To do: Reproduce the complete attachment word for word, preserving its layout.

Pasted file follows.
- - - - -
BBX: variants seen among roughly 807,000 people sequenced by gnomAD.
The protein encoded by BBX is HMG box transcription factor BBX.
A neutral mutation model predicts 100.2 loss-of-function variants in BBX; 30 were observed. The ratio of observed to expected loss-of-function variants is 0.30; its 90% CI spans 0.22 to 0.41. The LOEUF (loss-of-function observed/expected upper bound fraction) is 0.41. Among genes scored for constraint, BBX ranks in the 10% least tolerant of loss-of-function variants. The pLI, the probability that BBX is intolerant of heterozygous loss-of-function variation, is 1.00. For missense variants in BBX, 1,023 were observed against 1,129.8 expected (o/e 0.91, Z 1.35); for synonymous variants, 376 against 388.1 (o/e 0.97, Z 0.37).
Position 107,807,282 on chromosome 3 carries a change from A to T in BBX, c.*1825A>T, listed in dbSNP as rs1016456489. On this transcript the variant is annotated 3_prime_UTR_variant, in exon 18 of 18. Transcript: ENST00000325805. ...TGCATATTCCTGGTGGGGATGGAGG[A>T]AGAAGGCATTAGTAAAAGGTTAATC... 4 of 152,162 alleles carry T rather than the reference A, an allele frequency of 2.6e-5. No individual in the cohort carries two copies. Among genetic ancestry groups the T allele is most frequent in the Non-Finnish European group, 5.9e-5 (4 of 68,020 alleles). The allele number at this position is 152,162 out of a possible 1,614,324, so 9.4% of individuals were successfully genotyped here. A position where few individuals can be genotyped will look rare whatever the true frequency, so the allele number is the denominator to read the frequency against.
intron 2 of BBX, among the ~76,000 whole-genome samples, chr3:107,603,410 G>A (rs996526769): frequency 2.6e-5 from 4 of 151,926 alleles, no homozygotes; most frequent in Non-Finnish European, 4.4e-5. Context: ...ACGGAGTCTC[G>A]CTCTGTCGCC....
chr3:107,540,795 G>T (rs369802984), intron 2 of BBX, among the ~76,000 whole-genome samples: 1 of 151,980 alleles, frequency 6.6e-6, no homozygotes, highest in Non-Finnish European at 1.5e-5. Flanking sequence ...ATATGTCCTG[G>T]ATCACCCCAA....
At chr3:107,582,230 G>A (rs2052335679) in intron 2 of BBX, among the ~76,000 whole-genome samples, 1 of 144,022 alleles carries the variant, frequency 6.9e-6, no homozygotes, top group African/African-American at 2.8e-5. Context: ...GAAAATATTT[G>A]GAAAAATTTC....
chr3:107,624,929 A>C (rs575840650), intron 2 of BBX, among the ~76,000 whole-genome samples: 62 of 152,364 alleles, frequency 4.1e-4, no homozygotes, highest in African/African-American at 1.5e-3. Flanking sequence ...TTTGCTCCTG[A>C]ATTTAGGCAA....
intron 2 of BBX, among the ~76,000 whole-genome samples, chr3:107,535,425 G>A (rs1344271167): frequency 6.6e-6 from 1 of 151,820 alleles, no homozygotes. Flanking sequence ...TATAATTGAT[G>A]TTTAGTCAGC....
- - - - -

BBX: variants seen among roughly 807,000 people sequenced by gnomAD.
The protein encoded by BBX is HMG box transcription factor BBX.
A neutral mutation model predicts 100.2 loss-of-function variants in BBX; 30 were observed. The ratio of observed to expected loss-of-function variants is 0.30; its 90% CI spans 0.22 to 0.41. The LOEUF (loss-of-function observed/expected upper bound fraction) is 0.41. Among genes scored for constraint, BBX ranks in the 10% least tolerant of loss-of-function variants. The pLI, the probability that BBX is intolerant of heterozygous loss-of-function variation, is 1.00. For missense variants in BBX, 1,023 were observed against 1,129.8 expected (o/e 0.91, Z 1.35); for synonymous variants, 376 against 388.1 (o/e 0.97, Z 0.37).
Position 107,807,282 on chromosome 3 carries a change from A to T in BBX, c.*1825A>T, listed in dbSNP as rs1016456489. On this transcript the variant is annotated 3_prime_UTR_variant, in exon 18 of 18. Transcript: ENST00000325805. ...TGCATATTCCTGGTGGGGATGGAGG[A>T]AGAAGGCATTAGTAAAAGGTTAATC... 4 of 152,162 alleles carry T rather than the reference A, an allele frequency of 2.6e-5. No individual in the cohort carries two copies. Among genetic ancestry groups the T allele is most frequent in the Non-Finnish European group, 5.9e-5 (4 of 68,020 alleles). The allele number at this position is 152,162 out of a possible 1,614,324, so 9.4% of individuals were successfully genotyped here. A position where few individuals can be genotyped will look rare whatever the true frequency, so the allele number is the denominator to read the frequency against.
intron 2 of BBX, among the ~76,000 whole-genome samples, chr3:107,603,410 G>A (rs996526769): frequency 2.6e-5 from 4 of 151,926 alleles, no homozygotes; most frequent in Non-Finnish European, 4.4e-5. Context: ...ACGGAGTCTC[G>A]CTCTGTCGCC....
chr3:107,540,795 G>T (rs369802984), intron 2 of BBX, among the ~76,000 whole-genome samples: 1 of 151,980 alleles, frequency 6.6e-6, no homozygotes, highest in Non-Finnish European at 1.5e-5. Flanking sequence ...ATATGTCCTG[G>T]ATCACCCCAA....
At chr3:107,582,230 G>A (rs2052335679) in intron 2 of BBX, among the ~76,000 whole-genome samples, 1 of 144,022 alleles carries the variant, frequency 6.9e-6, no homozygotes, top group African/African-American at 2.8e-5. Context: ...GAAAATATTT[G>A]GAAAAATTTC....
chr3:107,624,929 A>C (rs575840650), intron 2 of BBX, among the ~76,000 whole-genome samples: 62 of 152,364 alleles, frequency 4.1e-4, no homozygotes, highest in African/African-American at 1.5e-3. Flanking sequence ...TTTGCTCCTG[A>C]ATTTAGGCAA....
intron 2 of BBX, among the ~76,000 whole-genome samples, chr3:107,535,425 G>A (rs1344271167): frequency 6.6e-6 from 1 of 151,820 alleles, no homozygotes. Flanking sequence ...TATAATTGAT[G>A]TTTAGTCAGC....